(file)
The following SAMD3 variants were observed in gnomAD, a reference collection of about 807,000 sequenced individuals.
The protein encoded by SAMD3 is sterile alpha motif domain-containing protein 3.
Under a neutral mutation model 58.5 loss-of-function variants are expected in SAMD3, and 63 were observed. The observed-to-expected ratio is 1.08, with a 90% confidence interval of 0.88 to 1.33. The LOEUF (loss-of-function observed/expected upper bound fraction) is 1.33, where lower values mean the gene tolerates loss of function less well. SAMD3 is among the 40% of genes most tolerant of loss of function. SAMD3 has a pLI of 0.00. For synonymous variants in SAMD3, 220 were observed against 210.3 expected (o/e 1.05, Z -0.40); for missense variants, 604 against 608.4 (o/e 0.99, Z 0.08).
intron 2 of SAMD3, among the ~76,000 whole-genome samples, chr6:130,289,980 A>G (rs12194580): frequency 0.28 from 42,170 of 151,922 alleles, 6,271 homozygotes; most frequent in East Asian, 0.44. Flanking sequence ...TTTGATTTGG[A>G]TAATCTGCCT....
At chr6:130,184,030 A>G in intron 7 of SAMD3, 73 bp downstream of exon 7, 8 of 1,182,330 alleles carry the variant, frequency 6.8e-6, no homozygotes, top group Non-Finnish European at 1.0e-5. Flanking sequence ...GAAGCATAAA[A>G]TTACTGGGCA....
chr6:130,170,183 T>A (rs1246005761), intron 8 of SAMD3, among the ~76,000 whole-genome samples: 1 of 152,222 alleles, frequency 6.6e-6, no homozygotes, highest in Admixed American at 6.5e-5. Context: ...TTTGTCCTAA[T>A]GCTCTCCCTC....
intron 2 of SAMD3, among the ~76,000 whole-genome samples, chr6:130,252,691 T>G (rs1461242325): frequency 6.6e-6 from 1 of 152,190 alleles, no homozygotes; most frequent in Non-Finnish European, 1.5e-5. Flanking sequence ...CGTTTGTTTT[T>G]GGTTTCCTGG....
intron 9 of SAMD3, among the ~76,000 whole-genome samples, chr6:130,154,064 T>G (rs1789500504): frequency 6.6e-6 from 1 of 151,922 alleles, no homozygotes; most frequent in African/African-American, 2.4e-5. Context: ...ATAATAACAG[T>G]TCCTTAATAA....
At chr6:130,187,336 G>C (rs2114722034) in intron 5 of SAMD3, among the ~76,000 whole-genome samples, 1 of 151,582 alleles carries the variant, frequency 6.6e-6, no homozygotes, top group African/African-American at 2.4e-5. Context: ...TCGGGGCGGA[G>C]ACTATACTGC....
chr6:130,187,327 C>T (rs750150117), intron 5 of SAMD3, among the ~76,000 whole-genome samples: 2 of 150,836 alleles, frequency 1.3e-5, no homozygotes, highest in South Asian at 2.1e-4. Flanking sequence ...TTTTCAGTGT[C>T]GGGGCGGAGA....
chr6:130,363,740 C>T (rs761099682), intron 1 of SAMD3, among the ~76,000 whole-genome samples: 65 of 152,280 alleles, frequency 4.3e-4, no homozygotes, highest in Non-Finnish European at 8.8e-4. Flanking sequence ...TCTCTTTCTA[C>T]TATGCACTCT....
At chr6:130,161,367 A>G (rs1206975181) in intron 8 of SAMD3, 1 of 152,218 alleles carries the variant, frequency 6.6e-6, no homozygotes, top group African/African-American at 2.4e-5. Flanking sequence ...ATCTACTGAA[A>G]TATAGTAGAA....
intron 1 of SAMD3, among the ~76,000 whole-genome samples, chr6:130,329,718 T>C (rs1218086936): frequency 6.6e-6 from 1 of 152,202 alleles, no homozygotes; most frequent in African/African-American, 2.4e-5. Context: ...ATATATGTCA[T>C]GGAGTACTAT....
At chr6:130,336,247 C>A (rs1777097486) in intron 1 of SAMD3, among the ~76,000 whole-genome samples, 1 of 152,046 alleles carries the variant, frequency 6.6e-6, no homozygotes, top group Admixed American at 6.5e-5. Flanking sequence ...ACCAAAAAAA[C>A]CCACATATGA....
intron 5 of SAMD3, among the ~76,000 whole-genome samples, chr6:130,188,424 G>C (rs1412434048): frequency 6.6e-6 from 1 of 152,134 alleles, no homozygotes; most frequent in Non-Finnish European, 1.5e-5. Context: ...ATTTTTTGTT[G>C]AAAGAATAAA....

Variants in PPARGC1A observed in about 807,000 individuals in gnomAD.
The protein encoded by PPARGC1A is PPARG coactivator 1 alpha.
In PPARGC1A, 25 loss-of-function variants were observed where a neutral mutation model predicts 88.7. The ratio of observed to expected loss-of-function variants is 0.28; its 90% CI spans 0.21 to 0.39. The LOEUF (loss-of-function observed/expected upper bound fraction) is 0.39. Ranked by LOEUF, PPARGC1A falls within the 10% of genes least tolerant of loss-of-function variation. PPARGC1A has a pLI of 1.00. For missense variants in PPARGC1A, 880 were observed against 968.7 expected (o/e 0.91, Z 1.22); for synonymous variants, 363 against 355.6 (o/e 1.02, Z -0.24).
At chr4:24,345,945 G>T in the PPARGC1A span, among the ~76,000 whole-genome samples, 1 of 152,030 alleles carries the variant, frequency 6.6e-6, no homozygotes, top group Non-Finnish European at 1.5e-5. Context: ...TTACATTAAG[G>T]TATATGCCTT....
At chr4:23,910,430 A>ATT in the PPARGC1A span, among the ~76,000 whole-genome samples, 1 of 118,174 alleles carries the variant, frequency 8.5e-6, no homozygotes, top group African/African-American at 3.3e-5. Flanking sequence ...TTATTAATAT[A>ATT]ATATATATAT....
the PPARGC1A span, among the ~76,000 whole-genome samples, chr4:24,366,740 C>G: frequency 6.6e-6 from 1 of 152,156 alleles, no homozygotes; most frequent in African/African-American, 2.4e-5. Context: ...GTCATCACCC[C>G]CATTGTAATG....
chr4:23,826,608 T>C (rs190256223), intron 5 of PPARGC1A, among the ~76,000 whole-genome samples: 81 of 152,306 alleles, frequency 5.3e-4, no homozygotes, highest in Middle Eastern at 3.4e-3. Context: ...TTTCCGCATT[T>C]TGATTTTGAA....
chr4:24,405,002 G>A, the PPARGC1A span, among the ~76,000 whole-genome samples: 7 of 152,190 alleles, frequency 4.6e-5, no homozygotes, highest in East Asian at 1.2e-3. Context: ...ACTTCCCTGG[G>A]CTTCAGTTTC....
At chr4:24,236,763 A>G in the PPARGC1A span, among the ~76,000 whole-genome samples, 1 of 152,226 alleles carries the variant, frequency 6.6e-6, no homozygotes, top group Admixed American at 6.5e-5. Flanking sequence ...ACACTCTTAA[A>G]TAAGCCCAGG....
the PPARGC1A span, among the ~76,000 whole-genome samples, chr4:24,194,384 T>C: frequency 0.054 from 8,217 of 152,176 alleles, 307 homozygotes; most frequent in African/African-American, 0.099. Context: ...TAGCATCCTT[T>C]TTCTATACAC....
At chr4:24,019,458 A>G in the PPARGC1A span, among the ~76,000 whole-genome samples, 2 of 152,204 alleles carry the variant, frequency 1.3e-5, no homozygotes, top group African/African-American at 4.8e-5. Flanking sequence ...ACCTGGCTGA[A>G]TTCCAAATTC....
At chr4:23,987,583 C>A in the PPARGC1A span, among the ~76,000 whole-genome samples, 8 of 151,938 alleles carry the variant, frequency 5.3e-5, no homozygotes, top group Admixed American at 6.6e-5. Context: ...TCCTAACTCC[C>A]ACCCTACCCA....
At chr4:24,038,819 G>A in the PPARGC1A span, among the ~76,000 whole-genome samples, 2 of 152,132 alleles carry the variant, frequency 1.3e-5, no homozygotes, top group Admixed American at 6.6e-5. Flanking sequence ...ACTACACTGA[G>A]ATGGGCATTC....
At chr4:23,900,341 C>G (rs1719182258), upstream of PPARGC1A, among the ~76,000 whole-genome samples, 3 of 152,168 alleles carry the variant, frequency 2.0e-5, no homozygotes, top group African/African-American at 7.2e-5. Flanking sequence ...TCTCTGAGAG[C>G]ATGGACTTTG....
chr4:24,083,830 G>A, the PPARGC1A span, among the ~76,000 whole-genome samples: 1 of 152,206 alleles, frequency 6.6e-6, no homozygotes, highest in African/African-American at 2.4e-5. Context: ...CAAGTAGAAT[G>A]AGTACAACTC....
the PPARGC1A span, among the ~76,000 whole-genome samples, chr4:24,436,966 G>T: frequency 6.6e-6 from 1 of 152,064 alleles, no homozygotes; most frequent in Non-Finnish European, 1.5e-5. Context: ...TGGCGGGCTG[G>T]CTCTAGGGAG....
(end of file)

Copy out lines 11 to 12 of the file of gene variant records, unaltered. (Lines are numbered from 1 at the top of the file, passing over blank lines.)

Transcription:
chr6:130,363,740 C>T (rs761099682), intron 1 of SAMD3, among the ~76,000 whole-genome samples: 65 of 152,280 alleles, frequency 4.3e-4, no homozygotes, highest in Non-Finnish European at 8.8e-4. Flanking sequence ...TCTCTTTCTA[C>T]TATGCACTCT....
At chr6:130,161,367 A>G (rs1206975181) in intron 8 of SAMD3, 1 of 152,218 alleles carries the variant, frequency 6.6e-6, no homozygotes, top group African/African-American at 2.4e-5. Flanking sequence ...ATCTACTGAA[A>G]TATAGTAGAA....